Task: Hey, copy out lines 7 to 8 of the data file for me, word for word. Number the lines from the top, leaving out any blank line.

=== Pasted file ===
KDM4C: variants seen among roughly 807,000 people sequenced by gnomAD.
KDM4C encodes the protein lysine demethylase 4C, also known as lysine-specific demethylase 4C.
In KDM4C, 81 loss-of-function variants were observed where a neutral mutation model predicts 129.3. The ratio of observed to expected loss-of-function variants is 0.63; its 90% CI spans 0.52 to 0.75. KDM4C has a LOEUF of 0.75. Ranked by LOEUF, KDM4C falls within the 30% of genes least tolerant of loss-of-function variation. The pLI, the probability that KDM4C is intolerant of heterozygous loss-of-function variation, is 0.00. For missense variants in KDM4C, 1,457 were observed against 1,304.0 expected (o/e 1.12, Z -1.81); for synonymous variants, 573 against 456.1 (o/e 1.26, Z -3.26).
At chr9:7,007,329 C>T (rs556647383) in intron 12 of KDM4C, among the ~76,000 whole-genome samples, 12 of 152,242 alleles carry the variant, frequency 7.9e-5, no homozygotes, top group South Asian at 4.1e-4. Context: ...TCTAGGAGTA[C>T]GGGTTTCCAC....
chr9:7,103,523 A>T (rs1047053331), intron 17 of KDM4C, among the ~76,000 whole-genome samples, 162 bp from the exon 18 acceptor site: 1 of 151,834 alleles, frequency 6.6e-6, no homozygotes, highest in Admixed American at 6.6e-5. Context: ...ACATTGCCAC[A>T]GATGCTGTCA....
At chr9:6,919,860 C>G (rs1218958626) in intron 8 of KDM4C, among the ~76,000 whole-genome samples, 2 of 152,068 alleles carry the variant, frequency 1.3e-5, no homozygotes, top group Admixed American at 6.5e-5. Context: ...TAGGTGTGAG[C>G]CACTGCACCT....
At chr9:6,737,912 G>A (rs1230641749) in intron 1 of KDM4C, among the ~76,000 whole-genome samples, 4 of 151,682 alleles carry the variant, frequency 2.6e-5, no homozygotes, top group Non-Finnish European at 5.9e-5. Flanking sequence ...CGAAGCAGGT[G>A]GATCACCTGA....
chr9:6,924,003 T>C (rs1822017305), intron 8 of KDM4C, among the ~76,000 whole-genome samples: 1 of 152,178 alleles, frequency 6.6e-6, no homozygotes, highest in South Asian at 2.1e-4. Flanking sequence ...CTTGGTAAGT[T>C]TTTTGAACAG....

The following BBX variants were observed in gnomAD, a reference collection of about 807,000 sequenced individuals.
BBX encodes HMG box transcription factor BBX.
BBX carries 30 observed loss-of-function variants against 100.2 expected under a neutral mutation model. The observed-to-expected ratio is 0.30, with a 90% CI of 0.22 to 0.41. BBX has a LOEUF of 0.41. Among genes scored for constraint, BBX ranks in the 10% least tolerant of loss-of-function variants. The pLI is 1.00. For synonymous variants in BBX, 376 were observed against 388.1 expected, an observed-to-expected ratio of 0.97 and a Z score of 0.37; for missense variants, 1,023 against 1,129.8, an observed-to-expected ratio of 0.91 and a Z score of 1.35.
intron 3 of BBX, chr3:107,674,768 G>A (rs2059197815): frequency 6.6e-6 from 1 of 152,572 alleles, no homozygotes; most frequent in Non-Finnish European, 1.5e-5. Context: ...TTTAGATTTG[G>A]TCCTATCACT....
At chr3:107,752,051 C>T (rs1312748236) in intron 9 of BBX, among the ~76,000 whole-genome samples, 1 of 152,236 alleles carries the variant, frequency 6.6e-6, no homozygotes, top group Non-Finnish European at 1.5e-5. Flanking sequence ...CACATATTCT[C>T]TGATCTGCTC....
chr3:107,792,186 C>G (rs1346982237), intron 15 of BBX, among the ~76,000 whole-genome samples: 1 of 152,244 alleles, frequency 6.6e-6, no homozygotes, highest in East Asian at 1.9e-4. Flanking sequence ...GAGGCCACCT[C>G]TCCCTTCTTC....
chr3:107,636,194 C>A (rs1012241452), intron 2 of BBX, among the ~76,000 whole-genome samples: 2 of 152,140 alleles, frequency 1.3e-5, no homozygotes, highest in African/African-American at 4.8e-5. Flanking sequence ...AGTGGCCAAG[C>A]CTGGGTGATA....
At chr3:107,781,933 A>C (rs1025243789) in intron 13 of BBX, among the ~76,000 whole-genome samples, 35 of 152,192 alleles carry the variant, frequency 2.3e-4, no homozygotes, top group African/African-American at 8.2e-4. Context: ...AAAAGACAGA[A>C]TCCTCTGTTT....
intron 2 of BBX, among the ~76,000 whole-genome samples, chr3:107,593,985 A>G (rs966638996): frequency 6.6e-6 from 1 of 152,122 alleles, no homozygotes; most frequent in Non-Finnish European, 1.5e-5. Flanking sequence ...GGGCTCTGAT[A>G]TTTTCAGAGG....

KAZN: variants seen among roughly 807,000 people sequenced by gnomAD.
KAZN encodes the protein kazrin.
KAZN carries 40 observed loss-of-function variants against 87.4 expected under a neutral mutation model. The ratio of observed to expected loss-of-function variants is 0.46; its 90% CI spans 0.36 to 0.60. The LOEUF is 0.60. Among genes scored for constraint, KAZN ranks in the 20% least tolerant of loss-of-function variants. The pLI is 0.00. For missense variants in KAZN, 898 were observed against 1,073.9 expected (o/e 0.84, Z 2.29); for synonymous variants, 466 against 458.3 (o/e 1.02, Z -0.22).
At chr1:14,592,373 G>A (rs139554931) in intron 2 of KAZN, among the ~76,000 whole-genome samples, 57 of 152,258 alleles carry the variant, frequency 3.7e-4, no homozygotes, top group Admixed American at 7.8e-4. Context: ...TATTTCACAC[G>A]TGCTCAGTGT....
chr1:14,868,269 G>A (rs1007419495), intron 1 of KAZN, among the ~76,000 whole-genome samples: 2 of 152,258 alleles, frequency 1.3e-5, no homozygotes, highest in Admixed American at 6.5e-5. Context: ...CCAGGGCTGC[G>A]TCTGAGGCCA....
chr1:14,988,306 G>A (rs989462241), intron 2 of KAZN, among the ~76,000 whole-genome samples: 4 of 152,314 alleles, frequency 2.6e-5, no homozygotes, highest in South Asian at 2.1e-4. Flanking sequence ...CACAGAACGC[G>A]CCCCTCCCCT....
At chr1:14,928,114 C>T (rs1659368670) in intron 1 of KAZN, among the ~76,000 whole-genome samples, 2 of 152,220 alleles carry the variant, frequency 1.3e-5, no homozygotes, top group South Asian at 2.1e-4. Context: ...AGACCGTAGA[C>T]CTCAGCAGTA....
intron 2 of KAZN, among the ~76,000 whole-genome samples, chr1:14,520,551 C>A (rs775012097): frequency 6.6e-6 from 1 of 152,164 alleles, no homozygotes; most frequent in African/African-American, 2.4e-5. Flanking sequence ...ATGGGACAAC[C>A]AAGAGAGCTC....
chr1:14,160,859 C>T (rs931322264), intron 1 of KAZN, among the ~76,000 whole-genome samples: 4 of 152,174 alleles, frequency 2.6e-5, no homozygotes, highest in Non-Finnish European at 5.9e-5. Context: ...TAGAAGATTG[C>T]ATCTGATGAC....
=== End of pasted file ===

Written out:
At chr9:6,737,912 G>A (rs1230641749) in intron 1 of KDM4C, among the ~76,000 whole-genome samples, 4 of 151,682 alleles carry the variant, frequency 2.6e-5, no homozygotes, top group Non-Finnish European at 5.9e-5. Flanking sequence ...CGAAGCAGGT[G>A]GATCACCTGA....
chr9:6,924,003 T>C (rs1822017305), intron 8 of KDM4C, among the ~76,000 whole-genome samples: 1 of 152,178 alleles, frequency 6.6e-6, no homozygotes, highest in South Asian at 2.1e-4. Flanking sequence ...CTTGGTAAGT[T>C]TTTTGAACAG....